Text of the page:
The Applicant further stated in his affidavit in rejoinder that his transport agents transited through the Customs Post at Bunagana Border with DRC and this evidence is not challenged or uncontroverted.  And without his knowledge the transporter and owner of motor vehicle Registration No. CGO 6816A B19 decided to deal with Ocean Freight (East Africa) Ltd. to proceed to Mombasa and the documents of origin and custom from Bunagana border post were left with the said new transporter but instead one Lillian Babirye a sales manager of Ocean Freight (East Africa) Ltd. swore an affidavit in reply to this application admitting that one Owino Odhiambo booked 2 (two) containers and returned to him one container 1 x 40 feet loaded and the other 1 x 20 feet empty and the said Lillian Babirye says that she communicated to the Respondent who brought the customs enforcement team and police to find sacks concealed with 822 pieces of ivory.

The Applicants averments that his goods were through the Customs Border Post at Bunagana is not disputed nor controverted.  And the averments that his transport agents left the documents at ocean Freight (East Africa) Ltd is also not controverted by the said Lillian Babirye the officer of Ocean Freight (East Africa) Ltd. who dealt with the Applicants goods but she only claims that one Owino Odhiambo never came back to claim for the goods yet they claimed to know him as to belong to Silver Shipping Ltd. based in Mombasa she does not state whether she called Owino Odhiambo again or what happened to him thereafter.  Therefore the loss of the Applicants Customs documents for the goods in issue from Bunagana Border Post between the Applicants transporter, the alleged Owino Odhiambo, Ocean Freight (East Africa) Ltd. and Ken Freight Forwarders left the Applicants goods with no documentation before they were allegedly voluntarily handed over to the Respondents.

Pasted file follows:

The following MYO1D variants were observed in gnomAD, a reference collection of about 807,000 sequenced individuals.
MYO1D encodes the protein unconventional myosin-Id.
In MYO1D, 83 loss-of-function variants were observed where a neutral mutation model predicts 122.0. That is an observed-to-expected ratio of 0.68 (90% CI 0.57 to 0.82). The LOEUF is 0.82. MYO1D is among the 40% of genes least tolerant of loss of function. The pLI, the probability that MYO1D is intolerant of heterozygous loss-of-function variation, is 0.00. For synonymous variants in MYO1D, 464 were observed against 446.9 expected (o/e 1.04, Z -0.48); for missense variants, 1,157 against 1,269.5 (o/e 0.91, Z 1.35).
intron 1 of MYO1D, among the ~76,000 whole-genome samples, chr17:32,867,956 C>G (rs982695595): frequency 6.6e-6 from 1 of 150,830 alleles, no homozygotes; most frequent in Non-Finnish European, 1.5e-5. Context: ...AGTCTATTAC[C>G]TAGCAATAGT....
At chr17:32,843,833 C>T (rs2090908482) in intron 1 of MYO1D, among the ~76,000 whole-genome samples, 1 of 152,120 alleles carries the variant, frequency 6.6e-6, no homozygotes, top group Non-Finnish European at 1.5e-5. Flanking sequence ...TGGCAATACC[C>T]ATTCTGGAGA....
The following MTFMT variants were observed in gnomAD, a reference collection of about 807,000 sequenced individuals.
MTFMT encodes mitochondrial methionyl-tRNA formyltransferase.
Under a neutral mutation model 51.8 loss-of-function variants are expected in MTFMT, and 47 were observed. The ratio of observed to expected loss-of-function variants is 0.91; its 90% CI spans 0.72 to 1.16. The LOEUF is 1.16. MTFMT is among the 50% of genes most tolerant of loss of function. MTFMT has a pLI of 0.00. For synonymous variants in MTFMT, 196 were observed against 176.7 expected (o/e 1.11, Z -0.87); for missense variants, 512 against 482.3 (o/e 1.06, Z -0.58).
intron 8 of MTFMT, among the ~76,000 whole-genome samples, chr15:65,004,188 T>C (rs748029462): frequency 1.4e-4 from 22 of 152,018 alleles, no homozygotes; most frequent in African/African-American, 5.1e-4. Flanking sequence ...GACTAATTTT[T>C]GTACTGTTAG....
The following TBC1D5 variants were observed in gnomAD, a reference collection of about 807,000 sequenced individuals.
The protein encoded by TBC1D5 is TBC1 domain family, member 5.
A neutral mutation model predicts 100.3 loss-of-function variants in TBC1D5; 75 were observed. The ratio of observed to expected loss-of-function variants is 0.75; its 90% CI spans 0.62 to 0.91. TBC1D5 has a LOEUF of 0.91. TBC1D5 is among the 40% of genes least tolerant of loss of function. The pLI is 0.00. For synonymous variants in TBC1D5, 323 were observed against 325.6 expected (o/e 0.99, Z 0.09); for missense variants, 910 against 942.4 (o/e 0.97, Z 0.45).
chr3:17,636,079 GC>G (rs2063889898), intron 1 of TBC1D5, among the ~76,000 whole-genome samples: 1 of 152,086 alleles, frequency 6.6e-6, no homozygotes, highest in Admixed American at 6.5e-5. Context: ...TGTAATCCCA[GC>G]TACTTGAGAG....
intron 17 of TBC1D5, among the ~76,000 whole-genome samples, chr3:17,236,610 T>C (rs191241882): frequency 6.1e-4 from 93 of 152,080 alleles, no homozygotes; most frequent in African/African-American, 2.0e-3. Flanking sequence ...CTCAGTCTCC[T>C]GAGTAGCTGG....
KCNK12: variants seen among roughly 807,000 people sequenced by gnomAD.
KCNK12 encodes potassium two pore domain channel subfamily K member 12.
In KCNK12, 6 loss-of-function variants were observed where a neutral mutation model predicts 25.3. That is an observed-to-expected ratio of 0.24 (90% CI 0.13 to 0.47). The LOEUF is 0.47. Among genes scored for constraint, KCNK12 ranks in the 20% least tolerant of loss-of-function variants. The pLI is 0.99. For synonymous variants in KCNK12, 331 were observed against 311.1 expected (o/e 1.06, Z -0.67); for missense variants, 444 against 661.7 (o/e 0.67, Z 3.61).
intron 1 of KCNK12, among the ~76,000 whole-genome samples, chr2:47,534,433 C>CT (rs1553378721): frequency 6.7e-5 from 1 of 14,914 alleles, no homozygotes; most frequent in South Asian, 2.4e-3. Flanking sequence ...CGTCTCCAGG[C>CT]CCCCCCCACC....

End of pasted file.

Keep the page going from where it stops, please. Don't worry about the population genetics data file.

Counsel for the Applicant contended that the Applicant goods entered the country lawfully through the Customs Border Post with proper documents until the transporter mismanaged the transit process without the knowledge or consent of the Applicant or his agent or managers. Counsel for the Applicant further submitted that on 3/12/2013, the Applicant claimed for the release of the seized goods from the Respondent but the same was not availed to him. The affidavit in support of the Application shows that he is the lawful owner of the ivory and attached is an authorisation certificate of the origin of the ivory as Annexture “A”, the English translation filed in court record including a valid licence, certificate authorizing the Applicant to collect only trophies and culled animals up to 4000 kilograms of ivory restricted from certain areas in Congo DRC outside national parks and game reserves.